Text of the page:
2008 Domaine Sylvain Cathiard Vosne-Romanee 1er Cru "Les Suchots"

SKU #1331816 91-94 points Stephen Tanzer's International Wine Cellar

 Good bright medium red. Very ripe but restrained aromas of raspberry, cocoa powder and flowers. Sweet and pliant on entry, then quite closed in the middle today. Hints at strong sappy extract and savory soil and spice tones. Best today on the very long, vibrant, sweetly tannic back end. (ST)  (3/2010)

91-93 points Allen Meadows - Burghound

 A classic Vosne nose of blue and black pinot fruit is exuberantly spiced with clove, anise and sandalwood hints that can also be found on the delicious, concentrated and very stylish flavors that possess a lovely mouth feel before culminating in a long, sappy and powerful finish. This is an impressive effort and should reward up to a decade of cellar time. *Sweet Spot - Outstanding*  (1/2010)

91-93 points Robert Parker's Wine Advocate

 Tasted out of barrel at the Domaine. The Suchots has a coy but complex nose that you have to study deeply, before making any conclusions. Initially there are some tightly wound red-berried fruits; raspberry and cranberry, then more mineral element are uncovered, limestone and a touch of chalk. The palate is medium-boded with a talcum entry, firm tannins, gentle grip, more poise than power here with a linear dark cherry and cranberry finish. Nice length and definition. Very fine, but coy and introspective. (NM)  (3/2010)

Jancis Robinson

 Great raciness and drier than the Nuits. Real race and finesse. Deep flavoured but with succulence. Dry finish. 17.5/20 Points (JR)  (11/2009)

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Pinot Noir

- One of France's most legendary grapes and the grape that earned Burgundy its reputation. The parent of varietals like Pinot Gris/Grigio and Pinot Blanc, Pinot Noir is blue to violet to indigo in color with relatively thin skins, and it is said to have been cultivated in France for more than 2,000 years. At its best, Pinot Noir creates elegant wines that are filled with primary red fruit aromas and flavors while young, revealing with an array of secondary characteristics like earth, smoke, violet, truffle and game with age. The varietal is also known, perhaps better than any, for its ability to translate terroir, or a sense of place. While the best Pinot Noir still comes from Burgundy, it is being produced with increasing success in cooler climates around the world. In France, it is part of the trifecta of grapes that can go into Champagne, and it is also grown in Alsace, Irancy, Jura, Savoie, Lorraine and Sancerre. Outside of France it is produced under the names Pinot Nero and Blauburgunder in Italy's mountainous regions, as Spätburgunder in Germany and as Blauburgunder in Austria. In the US, Pinot Noir has found suitable growing conditions in the cooler parts of California, including Carneros, the Russian River Valley, the Anderson Valley, the Sonoma Coast, Monterey County, the Santa Lucia Highlands and Santa Barbara County, as well as in Oregon's Willamette Valley. In recent years, New Zealand has demonstrated its ability to interpret this hard-to-grow varietal, with successful bottlings coming from careful and attentive growers in Central Otago, Martinborough and Canterbury. Chile is also an up-and-coming region for Pinot Noir, creating fresh, fruit-forward, early-drinking and affordable Pinots from the coastal Casablanca Valley and the Limari Valley.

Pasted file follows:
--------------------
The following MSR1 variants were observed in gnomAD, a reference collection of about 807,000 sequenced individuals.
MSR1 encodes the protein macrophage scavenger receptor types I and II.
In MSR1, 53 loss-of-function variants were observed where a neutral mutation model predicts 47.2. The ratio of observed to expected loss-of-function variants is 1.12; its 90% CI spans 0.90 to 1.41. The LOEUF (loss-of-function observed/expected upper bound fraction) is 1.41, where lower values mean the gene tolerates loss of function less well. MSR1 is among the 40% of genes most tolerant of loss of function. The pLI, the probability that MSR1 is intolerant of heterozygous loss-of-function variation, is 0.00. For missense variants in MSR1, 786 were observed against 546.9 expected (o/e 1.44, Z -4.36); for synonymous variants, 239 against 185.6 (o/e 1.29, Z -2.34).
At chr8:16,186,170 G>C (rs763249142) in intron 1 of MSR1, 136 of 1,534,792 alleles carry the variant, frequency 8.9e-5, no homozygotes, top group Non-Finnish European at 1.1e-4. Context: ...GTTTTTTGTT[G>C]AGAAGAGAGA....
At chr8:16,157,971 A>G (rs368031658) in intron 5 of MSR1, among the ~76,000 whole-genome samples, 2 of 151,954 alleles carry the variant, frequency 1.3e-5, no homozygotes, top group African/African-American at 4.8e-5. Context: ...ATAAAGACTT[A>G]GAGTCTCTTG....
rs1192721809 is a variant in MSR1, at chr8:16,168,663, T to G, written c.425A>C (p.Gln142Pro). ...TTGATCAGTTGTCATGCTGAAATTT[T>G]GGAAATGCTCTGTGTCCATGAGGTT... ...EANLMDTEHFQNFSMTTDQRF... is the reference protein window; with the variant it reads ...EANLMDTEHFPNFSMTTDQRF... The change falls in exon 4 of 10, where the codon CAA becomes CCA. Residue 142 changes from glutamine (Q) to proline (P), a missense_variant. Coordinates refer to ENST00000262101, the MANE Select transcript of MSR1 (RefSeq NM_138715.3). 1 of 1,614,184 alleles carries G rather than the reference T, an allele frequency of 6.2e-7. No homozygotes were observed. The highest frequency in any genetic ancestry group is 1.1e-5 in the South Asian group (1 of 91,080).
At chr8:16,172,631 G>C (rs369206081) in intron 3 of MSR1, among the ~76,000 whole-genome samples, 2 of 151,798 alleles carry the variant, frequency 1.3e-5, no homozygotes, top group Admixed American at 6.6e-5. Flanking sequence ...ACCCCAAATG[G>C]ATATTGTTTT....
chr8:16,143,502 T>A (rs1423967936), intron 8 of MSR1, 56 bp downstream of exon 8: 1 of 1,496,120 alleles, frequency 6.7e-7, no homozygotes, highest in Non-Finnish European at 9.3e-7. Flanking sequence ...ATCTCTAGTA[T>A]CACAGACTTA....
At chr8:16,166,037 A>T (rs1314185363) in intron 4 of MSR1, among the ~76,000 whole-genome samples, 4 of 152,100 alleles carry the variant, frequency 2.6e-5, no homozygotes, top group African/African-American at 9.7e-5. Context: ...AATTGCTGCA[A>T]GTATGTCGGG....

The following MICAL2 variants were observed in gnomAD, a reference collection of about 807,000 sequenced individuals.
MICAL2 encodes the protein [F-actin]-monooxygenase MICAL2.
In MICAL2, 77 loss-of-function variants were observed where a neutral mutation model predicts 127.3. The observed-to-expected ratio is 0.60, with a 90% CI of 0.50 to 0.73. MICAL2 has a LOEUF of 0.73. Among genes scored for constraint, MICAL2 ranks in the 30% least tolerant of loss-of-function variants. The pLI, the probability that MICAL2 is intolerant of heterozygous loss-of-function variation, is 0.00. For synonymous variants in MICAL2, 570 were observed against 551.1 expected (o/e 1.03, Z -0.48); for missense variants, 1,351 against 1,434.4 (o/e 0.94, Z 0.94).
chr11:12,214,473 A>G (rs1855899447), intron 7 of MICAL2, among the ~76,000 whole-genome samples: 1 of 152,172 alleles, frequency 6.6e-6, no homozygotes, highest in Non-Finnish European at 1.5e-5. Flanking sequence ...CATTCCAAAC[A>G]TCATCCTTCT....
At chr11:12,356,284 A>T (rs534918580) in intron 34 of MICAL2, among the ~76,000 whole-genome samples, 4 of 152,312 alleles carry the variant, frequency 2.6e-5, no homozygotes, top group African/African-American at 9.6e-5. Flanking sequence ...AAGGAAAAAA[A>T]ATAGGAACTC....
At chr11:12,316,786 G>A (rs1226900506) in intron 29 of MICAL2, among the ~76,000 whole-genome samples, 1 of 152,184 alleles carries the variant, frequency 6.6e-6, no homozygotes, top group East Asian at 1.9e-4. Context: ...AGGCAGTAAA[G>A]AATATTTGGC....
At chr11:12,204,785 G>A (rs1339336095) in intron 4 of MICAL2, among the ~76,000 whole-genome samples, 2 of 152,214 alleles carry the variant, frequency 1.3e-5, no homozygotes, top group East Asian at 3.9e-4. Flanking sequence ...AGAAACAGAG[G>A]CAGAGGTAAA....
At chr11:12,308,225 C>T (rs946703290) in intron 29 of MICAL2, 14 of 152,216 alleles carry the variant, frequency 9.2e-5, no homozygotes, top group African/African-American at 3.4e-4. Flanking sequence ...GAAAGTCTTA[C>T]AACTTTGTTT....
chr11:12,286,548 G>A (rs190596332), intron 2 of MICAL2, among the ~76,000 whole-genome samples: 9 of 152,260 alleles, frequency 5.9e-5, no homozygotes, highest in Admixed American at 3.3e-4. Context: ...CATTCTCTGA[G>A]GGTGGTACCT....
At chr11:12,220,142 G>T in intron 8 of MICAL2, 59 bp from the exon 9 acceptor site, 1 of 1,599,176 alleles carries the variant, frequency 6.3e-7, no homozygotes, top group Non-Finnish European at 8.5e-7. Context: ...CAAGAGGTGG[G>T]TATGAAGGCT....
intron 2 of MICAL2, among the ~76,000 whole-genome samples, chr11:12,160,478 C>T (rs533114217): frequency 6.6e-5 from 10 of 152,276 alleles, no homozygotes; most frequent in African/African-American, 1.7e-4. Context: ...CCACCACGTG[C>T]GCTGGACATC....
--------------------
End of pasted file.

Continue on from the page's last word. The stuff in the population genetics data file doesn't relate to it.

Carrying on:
- When it comes to wine, France stands alone. No other country can beat it in terms of quality and diversity. And while many of its Region, Bordeaux, Burgundy and Champagne most obviously, produce wine as rare, as sought-after and nearly as expensive as gold, there are just as many obscurities and values to be had from little known appellations throughout the country. To learn everything there is to know about French wine would take a lifetime. To understand and appreciate French wine, one only has to begin tasting them.


- The province of eastern France, famous for its red wines produced from Pinot Noir and its whites produced from Chardonnay. (Small of amounts of Gamay and Aligoté are still grown, although these have to be labeled differently.) The most famous part of the region is known as the Côte d'Or (the Golden Slope). It is divided into the Côte de Beaune, south of the town of Beaune (famous principally for its whites), and the Côte de Nuits, North of Beaune (home of the most famous reds). In addition, the Côte Chalonnaise and the Mâconnais are important wine growing regions, although historically a clear level (or more) below the Côte d'Or. Also include by some are the regions of Chablis and Auxerrois, farther north.
Specific Appellation:

Vosne Romanee

- This is the top of the Côte de Nuits. Home to the famous Grand Crus of Romanée, Romanée-Conti, Romanée St. Vivant, Richebourg, La Tâche, Echézeaux, Grands Echézeaux, and La Grand Rue, this village really makes you realize how much extraordinary wine can come from a tiny place. This is the home of quintessential Burgundy-deep, rich, refined and powerful.